Advocates for indigenous women are outraged by what they call Amnesty International’s betrayal of those caught in the murky world of sex trafficking. During its recent decision-making forum in Dublin, Amnesty International voted to create a policy decriminalizing all aspects of consensual sex work, and call on states to ensure that sex workers enjoy full and equal legal protection from exploitation, trafficking and violence.
“I am deeply disappointed in Amnesty International’s new proposal,” says Lisa Brunner, program director with the National Indigenous Women’s Resource Center. Brunner is a member of the White Earth Band of Ojibwe in Minnesota.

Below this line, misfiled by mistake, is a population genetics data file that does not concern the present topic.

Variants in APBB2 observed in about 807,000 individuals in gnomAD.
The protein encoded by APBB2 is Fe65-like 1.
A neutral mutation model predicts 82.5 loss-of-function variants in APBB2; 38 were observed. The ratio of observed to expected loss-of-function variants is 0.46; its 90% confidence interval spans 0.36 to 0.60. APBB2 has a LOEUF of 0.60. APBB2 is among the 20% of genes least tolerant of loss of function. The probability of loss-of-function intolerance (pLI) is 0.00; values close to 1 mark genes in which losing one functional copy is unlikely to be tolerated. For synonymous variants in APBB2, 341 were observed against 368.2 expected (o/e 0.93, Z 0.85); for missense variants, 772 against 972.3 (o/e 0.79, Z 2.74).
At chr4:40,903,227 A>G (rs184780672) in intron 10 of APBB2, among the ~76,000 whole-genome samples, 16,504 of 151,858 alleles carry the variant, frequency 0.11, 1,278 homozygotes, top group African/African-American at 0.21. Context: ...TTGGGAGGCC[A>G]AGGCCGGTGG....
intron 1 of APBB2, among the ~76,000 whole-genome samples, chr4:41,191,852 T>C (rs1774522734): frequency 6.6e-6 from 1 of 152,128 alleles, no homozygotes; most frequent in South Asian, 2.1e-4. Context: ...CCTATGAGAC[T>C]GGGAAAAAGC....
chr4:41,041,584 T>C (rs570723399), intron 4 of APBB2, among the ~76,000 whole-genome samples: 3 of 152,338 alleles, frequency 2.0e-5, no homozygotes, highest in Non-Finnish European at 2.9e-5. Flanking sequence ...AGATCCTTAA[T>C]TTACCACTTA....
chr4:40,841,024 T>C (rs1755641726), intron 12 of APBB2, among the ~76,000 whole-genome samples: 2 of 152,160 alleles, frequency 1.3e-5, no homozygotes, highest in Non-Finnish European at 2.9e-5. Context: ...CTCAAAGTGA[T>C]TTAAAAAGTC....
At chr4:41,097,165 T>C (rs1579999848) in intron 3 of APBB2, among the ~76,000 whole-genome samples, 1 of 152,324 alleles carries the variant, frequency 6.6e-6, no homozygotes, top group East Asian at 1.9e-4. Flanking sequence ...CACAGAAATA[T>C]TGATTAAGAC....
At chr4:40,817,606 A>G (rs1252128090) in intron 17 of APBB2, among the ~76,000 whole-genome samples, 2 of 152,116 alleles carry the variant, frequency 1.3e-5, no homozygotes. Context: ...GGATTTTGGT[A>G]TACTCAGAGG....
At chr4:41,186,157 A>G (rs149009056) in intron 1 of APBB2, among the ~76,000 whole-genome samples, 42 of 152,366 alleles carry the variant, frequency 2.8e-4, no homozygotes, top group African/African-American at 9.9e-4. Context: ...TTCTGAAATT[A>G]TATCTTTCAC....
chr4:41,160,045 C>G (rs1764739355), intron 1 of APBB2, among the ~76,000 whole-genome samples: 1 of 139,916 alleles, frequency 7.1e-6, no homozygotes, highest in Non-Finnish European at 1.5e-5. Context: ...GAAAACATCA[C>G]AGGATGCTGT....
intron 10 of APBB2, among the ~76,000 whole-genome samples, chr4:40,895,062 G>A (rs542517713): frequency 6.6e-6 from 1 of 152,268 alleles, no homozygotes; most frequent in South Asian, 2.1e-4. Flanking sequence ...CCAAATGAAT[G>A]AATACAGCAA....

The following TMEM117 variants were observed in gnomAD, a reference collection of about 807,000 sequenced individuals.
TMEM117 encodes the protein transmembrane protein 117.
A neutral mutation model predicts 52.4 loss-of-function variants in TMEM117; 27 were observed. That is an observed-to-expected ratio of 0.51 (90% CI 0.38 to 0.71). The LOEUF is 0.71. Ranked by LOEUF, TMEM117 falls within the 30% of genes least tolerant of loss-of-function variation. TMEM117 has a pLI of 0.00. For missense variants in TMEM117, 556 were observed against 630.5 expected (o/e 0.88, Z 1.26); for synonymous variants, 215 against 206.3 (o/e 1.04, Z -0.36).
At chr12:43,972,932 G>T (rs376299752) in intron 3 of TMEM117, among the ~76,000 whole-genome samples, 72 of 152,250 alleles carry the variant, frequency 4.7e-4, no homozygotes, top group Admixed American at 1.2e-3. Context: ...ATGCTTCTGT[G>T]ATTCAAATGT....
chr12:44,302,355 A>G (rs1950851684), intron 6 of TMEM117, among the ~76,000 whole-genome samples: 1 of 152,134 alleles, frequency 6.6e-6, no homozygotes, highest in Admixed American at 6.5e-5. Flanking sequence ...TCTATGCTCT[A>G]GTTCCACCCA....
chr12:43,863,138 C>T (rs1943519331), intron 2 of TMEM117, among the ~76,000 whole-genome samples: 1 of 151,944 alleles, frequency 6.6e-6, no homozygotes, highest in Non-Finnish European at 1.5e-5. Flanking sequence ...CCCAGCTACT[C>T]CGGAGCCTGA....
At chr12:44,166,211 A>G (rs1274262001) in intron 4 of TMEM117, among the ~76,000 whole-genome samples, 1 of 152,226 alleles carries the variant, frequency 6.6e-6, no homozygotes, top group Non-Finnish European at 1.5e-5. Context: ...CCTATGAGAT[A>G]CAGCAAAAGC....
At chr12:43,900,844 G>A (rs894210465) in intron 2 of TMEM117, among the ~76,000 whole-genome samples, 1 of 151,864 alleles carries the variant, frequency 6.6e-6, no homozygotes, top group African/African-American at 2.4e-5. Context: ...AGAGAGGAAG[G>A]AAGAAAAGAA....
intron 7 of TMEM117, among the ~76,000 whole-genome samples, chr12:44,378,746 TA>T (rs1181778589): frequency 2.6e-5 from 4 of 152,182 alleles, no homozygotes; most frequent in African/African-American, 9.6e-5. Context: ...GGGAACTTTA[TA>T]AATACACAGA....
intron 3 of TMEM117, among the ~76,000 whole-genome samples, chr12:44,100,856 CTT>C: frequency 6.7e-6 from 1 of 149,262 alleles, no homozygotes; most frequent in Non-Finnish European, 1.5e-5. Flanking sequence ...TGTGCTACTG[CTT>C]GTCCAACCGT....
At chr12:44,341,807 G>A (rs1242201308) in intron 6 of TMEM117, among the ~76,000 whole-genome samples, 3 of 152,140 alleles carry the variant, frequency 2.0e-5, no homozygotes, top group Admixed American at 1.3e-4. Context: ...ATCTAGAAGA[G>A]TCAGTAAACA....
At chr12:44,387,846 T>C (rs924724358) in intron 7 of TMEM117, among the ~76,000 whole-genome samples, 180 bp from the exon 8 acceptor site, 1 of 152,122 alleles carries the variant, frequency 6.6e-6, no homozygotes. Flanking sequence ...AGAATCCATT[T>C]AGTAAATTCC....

The Coalition Against Trafficking in Women(CATW) released an open letteropposing the proposal. Several organizations, advocates, sex trafficking survivors and well-known personalities signed the letter in support.
Catherine Murphy, policy advisor at the global human rights organization, told CNNthat the policy is being misinterpreted. “There’s lots of misunderstanding about our proposal. What decriminalizing talks about is the laws that are used to criminalize adult consensual sex work, or selling of sex among consensual adults. It does not mean the removal of all laws that deal with exploitation, abuse, trafficking, involvement of children. Those laws are absolutely needed and are still absolutely relevant within a decriminalized system. We would never advocate for that, absolutely not.”
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